31 October 2007
29 October 2007
Masters of Horror: "We All Scream for Ice Cream" (2007)
Surprisingly well-executed despite the ridiculous premise. (7/10)
d. Tom Holland
Tales from the Crypt: "Mournin' Mess" (1991)
Mrs. Tom Hanks, no! (6/10)
d. Manny Coto
Tales from the Crypt: "Split Second" (1991)
I don't think this was supposed to be about gay lumberjacks, but it's fun to look at it that way. (7/10)
d. Russell Mulcahy
28 October 2007
28 Weeks Later (2007)
Though there are several excellent horror movies scenes, the movie overall is plagued by people making unnaturally stupid decisions. (6/10)
d. Juan Carlos Fresnadillo
27 October 2007
The Munsters: "Herman the Rookie" (1965)
I theorize that the movies for Frankenstein and Dracula never came out in The Munsters' universe, which is why everyone just thinks they're accident victims and mutants. (6/10)
d. Jerry Paris
28 Days Later (2002)
Though I'll never be a huge fan of fast zombies, they make for effective scary monsters (judging from the wife's constant covering of her eyes). (8/10)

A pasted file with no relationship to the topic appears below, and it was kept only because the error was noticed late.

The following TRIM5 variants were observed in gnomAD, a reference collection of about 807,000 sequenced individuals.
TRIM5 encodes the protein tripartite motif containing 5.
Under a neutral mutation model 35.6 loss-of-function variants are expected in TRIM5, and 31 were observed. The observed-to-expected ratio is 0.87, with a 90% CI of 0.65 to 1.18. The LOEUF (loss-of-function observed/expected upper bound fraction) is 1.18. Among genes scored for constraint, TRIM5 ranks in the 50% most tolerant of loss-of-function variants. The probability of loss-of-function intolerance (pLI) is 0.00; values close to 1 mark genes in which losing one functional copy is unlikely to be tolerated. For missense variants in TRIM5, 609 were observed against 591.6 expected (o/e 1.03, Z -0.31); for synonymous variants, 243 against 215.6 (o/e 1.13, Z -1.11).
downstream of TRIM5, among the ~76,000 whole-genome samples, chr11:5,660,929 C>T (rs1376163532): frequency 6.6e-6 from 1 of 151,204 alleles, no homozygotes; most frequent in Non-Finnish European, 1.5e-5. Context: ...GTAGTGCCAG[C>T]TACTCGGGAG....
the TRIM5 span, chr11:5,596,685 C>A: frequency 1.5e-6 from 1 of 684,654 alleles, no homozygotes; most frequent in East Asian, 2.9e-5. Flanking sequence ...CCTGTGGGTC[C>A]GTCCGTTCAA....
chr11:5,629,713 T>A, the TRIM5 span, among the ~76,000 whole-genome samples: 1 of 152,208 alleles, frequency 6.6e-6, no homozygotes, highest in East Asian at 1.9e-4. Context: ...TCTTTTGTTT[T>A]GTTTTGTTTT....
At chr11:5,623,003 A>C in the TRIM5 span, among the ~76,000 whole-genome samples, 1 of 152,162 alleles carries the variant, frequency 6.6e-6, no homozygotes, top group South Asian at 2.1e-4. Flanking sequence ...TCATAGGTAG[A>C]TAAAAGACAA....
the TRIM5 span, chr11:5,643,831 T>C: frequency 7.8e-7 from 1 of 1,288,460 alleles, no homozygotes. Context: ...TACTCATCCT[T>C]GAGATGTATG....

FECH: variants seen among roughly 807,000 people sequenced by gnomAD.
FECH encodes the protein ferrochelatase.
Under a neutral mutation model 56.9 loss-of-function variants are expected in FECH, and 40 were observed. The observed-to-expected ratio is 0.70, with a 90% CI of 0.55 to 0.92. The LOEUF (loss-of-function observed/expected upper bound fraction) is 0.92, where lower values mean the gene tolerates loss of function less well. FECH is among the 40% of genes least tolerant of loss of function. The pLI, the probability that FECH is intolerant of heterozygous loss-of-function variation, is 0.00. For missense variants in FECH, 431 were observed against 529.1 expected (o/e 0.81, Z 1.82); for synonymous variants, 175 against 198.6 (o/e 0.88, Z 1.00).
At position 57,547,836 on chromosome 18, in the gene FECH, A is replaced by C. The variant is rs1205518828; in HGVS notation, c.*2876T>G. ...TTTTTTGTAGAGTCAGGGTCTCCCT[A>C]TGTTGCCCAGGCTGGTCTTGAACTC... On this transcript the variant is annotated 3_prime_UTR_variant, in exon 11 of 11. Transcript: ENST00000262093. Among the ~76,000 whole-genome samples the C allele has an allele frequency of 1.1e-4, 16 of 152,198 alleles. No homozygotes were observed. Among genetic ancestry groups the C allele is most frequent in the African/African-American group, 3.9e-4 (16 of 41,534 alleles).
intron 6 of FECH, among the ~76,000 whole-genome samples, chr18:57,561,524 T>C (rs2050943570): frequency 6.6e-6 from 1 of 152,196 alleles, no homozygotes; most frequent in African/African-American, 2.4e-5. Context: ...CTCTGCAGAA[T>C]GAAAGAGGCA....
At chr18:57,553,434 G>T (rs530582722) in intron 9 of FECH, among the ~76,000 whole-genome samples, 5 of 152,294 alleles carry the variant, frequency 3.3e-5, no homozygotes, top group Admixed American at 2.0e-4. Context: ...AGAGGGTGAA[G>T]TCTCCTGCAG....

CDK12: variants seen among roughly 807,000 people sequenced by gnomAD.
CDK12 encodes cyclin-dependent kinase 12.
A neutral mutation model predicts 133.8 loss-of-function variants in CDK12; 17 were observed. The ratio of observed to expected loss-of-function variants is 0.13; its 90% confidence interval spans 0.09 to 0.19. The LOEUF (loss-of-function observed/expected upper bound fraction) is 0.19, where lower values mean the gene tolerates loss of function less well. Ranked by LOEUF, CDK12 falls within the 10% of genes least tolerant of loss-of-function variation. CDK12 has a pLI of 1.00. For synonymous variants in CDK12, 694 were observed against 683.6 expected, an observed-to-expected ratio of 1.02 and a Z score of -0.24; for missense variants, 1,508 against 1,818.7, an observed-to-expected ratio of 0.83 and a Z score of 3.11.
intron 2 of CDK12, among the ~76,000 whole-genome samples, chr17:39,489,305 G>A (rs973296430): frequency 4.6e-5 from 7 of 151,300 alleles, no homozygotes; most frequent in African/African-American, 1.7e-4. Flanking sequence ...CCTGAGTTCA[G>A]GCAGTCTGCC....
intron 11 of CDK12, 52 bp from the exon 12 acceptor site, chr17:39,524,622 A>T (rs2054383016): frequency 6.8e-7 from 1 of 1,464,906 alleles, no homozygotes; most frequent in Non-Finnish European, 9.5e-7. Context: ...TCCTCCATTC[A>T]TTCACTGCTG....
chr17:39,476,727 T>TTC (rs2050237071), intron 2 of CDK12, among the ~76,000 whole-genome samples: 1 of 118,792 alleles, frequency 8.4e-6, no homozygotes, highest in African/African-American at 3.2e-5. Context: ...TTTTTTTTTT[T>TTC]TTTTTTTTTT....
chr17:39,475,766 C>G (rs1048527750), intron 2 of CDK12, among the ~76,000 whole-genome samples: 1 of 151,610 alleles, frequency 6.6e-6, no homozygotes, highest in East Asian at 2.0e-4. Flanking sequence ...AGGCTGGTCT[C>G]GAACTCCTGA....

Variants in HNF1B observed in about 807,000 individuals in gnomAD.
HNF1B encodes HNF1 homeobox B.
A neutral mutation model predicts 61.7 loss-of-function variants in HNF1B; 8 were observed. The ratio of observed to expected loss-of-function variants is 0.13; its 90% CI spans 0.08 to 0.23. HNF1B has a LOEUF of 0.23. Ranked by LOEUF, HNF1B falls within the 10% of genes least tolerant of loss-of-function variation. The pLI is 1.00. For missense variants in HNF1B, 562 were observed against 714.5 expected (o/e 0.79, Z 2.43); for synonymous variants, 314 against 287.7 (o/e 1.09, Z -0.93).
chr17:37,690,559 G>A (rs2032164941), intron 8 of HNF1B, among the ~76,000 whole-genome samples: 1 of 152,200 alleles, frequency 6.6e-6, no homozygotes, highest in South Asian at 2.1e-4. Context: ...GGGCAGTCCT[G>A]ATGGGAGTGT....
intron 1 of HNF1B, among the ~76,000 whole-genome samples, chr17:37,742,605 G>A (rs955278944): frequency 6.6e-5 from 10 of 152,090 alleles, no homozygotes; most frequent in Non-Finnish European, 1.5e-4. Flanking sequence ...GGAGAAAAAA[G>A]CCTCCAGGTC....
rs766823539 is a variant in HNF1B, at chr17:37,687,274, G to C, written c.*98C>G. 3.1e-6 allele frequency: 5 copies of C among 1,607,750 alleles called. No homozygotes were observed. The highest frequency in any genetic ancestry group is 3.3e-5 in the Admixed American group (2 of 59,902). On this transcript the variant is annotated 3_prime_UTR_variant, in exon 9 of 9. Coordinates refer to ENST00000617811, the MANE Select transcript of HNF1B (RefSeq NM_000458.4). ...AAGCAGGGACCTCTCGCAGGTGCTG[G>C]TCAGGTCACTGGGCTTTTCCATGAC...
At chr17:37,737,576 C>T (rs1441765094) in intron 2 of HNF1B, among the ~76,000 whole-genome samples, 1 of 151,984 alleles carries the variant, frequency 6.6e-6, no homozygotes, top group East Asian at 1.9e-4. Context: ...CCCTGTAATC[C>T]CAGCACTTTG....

d. Danny Boyle
26 October 2007
Terror Train (1979)
What nice old man the conductor was, not minding a frat party on his train and making smart decisions when the bodies start to pile up. (6/10)
d. Roger Spottiswoode
25 October 2007
Masters of Horror: "Valerie on the Stairs" (2006)
I loved the Barkerian Valerie and the Beast (played by Candyman himself) and I'm impressed that Clive's story got Garris to finally grow a pair, but everything else from the acting to the story was subpar. (6/10)
d. Mick Garris
Tales from the Crypt: "Undertaking Palor" (1991)
I had a lot of fun with this perfectly casted Goonies-esque horror adventure. (8/10)
d. Michael Thau
19 October 2007
Beneath Still Waters (2005)
The orgy at the town's anniversary showed small signs of old school Yuzna, who was barely detectable in the dull and poorly plotted remainder. (5/10)
d. Brian Yuzna
Masters of Horror: "The Black Cat" (2006)
An excellent adaption, capturing the spirit of Poe and his work near-perfectly. (9/10)
d. Stuart Gordon
Faygo flavors (which, I'd like to state, was good drinkin' long before utter idjits started promoting it). What this means to me is that they're completely drinkable. Unbelievably, I found all 4 of the half-can Halloween flavors to be tasty this year. Jones is getting better at this. Of course, next weekend I will be experimenting with their new licorice-flavored drinks. That may change my opinion.